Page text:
Hats off to them too for having faith in me back in 2000 that I would use the business opportunities given to launch a business and not just survive…but thrive!
Sandra set up the Moira Anderson Foundation to tackle child sexual abuse. The Foundation offers therapeutic support across Scotland through a wide pool of highly experienced practitioners, to families and to individuals who are affected. She was a visionary who salvaged a ghastly personal situation, and saw the need to protect Scotland’s most vulnerable, long before #MeToo. An author who has inspired many with her bestselling book about missing schoolgirl Moira Anderson; her persistence was pivotal in Police Scotland establishing a Cold Case Unit. Her determination, drive and sound business acumen has grown the Foundation into a respected, financially robust charity which punches well above its weight, doubling in size since 2012. In 2017 the Foundation won Investors in People Gold Status for its impact and practice; Sandra has been described as ‘beyond unique’ and a truly inspirational woman in every sense. She was also awarded an OBE for services to protect children in Scotland.
Please describe what the company does
The charity supports anyone affected by child sexual abuse- all age groups, all genders. There are approximately 10 paid staff under a Director, and a similar number of paid professional therapists who work directly with clients who have been referred to the Foundation or referred themselves.
There is also a dedicated pool of trained volunteers (around 20) who assist with client needs and fundraising activities, plus a further 8 volunteers who give their time free as Trustees.
The main strands of work for MAF are: to provide a wide range of services to help people heal eg, play therapy, CBT, Thoughtfield Therapy, and access to complementary treatments eg Reiki. To promote Early Intervention so that abuse doesn’t happen-this involves high quality child protection training for other agencies, workshops for schools and colleges, training for clients to help them access better health, peer support groups, and the use of drama in schools and other settings. The charity also has a campaigning role to lobby for legislative change involving vulnerable witnesses, in particular child witnesses involved in the court process and their families
Please describe what your current role within the company is
Over two decades I have been a ‘hands on’ Founder but since becoming a grandmother, I am more likely to be at the Foundation once or twice a week. I am still very active in the training and awareness raising side of the charity’s work, however and the networking side of things, eg, in Jan and February I have delivered 2 days of courses called Safe Hands, and during the current week will deliver an evening workshop and a morning one to Further Education staff and students.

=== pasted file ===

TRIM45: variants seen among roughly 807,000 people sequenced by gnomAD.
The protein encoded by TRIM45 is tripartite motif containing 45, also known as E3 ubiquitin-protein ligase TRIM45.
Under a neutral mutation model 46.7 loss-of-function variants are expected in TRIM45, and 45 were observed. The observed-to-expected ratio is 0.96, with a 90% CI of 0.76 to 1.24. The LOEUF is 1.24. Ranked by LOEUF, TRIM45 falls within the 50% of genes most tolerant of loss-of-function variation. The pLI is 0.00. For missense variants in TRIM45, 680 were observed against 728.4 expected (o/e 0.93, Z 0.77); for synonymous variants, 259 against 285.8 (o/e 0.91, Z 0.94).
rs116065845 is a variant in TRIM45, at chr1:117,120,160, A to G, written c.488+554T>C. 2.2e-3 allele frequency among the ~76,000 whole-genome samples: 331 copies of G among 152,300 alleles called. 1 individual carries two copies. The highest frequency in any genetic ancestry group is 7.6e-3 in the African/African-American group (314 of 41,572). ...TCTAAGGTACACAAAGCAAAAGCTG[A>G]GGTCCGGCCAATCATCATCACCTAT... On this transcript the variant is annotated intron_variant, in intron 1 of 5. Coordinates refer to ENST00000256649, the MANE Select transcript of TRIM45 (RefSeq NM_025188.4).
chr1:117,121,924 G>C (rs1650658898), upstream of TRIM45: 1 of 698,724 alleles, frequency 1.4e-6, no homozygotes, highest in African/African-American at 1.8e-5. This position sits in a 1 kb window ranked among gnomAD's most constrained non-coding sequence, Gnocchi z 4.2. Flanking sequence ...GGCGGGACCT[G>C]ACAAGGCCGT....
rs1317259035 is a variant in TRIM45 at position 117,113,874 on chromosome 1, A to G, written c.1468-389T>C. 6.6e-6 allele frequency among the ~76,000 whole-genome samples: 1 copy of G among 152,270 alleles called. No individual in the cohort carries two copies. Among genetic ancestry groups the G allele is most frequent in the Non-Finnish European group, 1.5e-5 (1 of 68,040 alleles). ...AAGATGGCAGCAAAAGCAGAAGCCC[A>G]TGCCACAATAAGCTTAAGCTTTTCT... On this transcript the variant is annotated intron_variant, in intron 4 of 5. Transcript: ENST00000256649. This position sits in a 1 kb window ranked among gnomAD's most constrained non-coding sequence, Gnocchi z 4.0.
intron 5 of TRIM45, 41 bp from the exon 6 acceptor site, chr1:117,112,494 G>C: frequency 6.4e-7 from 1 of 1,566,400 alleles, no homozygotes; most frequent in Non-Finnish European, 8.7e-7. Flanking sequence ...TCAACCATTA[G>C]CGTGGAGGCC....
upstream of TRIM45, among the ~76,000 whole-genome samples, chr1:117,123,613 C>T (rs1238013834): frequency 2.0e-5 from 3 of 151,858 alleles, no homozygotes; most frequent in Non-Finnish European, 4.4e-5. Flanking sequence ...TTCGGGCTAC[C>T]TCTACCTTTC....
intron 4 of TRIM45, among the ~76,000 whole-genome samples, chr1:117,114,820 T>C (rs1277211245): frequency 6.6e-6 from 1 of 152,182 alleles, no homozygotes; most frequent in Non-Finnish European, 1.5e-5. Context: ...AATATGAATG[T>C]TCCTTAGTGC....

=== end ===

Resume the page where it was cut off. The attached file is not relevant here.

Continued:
The latter are to spread the word on the model we have developed to support those who are traumatised by abuse, in particularly children and young people where the impact can be very profound. This issue is now being recognised by the Scottish Government with emphasis on the workforce currently undergoing training being trauma-informed and the need for knowledge and skills to support those who have undergone ACE issues(Adverse Childhood Experiences) in life.
I have very active involvement in the Board of Directors, and have ensured it has a diverse range of skills. It currently has 8 people, 5 female and 3 male, with 2 of these being former client users.
I have a definite role in finding and inspiring those who come on board, and to help identify and appoint special advisers who have particular skills the Board can tap into when required.
I have always placed real emphasis on our MAF Board showing commitment to helping staff develop over the years, whether to augment skills, gain a qualification or acquire accreditation. A series of individuals have achieved great success, and our faith has been repaid consistently.
This has also been the same for several clients. Two females, through mentoring and confidence-building have followed my path to writing bestselling books. One male, the remarkable actor and playwright Matthew McVarish, also decided to give something back to MAF for supporting him and his family through a court case. He is now our International Ambassador, and has spread the word about what we do on a global stage, speaking at the UN in Geneva, the Council of Europe, and being presented last year with membership of the UN in New York.
Matty’s TED talk can be seen on our website.
Please tell us about what inspires you, and what this award means to you
I was inspired when I saw a young individual like Matthew emerge from a horrible court case, and decide that the best way to spread the word about the impact of child abuse and how we have tackled it head on at the charity, was to walk no less than 10,000 miles…round every EU country to engage attention, and to meet the Pope and every dignitary he could reach to see change in the way children are heard when they disclose abuse.
It meant a great deal to me to hear Matthew tell leaders across Europe that, while he and his brothers were unlucky to be abused by a predatory uncle who was a school teacher, they were lucky that it happened in Scotland and they were pointed to the Moira Anderson Foundation.
This award also means a great deal because it is an accolade quite unlike any other. Too many people still have poor understanding of the business acumen which is necessary to establish a charity then, not just maintain its infrastructure, but grow that agency into a thriving and well-respected organisation in the third sector. In the early days of MAF I received huge support from West Lothian Women in Business, and indeed am still a member. Hats off to them too for having faith in me back in 2000 that I would use the business opportunities we were given to launch a business and not just survive…but thrive!